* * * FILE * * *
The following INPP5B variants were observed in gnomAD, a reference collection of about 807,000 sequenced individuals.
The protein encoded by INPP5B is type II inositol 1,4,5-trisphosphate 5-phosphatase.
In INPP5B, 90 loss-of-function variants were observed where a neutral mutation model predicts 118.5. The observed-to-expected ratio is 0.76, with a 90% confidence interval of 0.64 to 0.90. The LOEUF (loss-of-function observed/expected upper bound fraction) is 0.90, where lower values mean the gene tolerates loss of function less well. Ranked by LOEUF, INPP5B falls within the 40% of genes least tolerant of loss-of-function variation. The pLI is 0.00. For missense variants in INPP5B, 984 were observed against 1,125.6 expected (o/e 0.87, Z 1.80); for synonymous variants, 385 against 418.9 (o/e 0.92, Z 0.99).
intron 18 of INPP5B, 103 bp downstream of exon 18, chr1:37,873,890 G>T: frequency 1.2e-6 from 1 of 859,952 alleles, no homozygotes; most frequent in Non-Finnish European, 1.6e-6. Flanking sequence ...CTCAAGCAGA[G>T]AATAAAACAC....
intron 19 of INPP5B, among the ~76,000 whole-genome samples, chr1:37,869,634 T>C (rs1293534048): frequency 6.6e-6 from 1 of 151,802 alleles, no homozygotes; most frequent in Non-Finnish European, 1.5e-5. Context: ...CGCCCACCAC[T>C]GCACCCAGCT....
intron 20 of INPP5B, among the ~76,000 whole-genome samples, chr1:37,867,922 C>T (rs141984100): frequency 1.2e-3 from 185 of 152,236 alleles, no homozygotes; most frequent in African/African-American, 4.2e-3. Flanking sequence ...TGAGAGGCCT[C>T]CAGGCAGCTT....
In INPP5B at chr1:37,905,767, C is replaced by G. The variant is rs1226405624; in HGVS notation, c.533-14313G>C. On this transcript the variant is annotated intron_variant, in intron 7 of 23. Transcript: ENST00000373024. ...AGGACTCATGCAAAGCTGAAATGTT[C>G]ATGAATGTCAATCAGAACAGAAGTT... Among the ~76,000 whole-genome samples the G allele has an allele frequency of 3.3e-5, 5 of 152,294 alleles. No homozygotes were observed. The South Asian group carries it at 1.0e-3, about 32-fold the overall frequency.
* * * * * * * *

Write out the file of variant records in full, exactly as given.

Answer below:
The following INPP5B variants were observed in gnomAD, a reference collection of about 807,000 sequenced individuals.
The protein encoded by INPP5B is type II inositol 1,4,5-trisphosphate 5-phosphatase.
In INPP5B, 90 loss-of-function variants were observed where a neutral mutation model predicts 118.5. The observed-to-expected ratio is 0.76, with a 90% confidence interval of 0.64 to 0.90. The LOEUF (loss-of-function observed/expected upper bound fraction) is 0.90, where lower values mean the gene tolerates loss of function less well. Ranked by LOEUF, INPP5B falls within the 40% of genes least tolerant of loss-of-function variation. The pLI is 0.00. For missense variants in INPP5B, 984 were observed against 1,125.6 expected (o/e 0.87, Z 1.80); for synonymous variants, 385 against 418.9 (o/e 0.92, Z 0.99).
intron 18 of INPP5B, 103 bp downstream of exon 18, chr1:37,873,890 G>T: frequency 1.2e-6 from 1 of 859,952 alleles, no homozygotes; most frequent in Non-Finnish European, 1.6e-6. Flanking sequence ...CTCAAGCAGA[G>T]AATAAAACAC....
intron 19 of INPP5B, among the ~76,000 whole-genome samples, chr1:37,869,634 T>C (rs1293534048): frequency 6.6e-6 from 1 of 151,802 alleles, no homozygotes; most frequent in Non-Finnish European, 1.5e-5. Context: ...CGCCCACCAC[T>C]GCACCCAGCT....
intron 20 of INPP5B, among the ~76,000 whole-genome samples, chr1:37,867,922 C>T (rs141984100): frequency 1.2e-3 from 185 of 152,236 alleles, no homozygotes; most frequent in African/African-American, 4.2e-3. Flanking sequence ...TGAGAGGCCT[C>T]CAGGCAGCTT....
In INPP5B at chr1:37,905,767, C is replaced by G. The variant is rs1226405624; in HGVS notation, c.533-14313G>C. On this transcript the variant is annotated intron_variant, in intron 7 of 23. Transcript: ENST00000373024. ...AGGACTCATGCAAAGCTGAAATGTT[C>G]ATGAATGTCAATCAGAACAGAAGTT... Among the ~76,000 whole-genome samples the G allele has an allele frequency of 3.3e-5, 5 of 152,294 alleles. No homozygotes were observed. The South Asian group carries it at 1.0e-3, about 32-fold the overall frequency.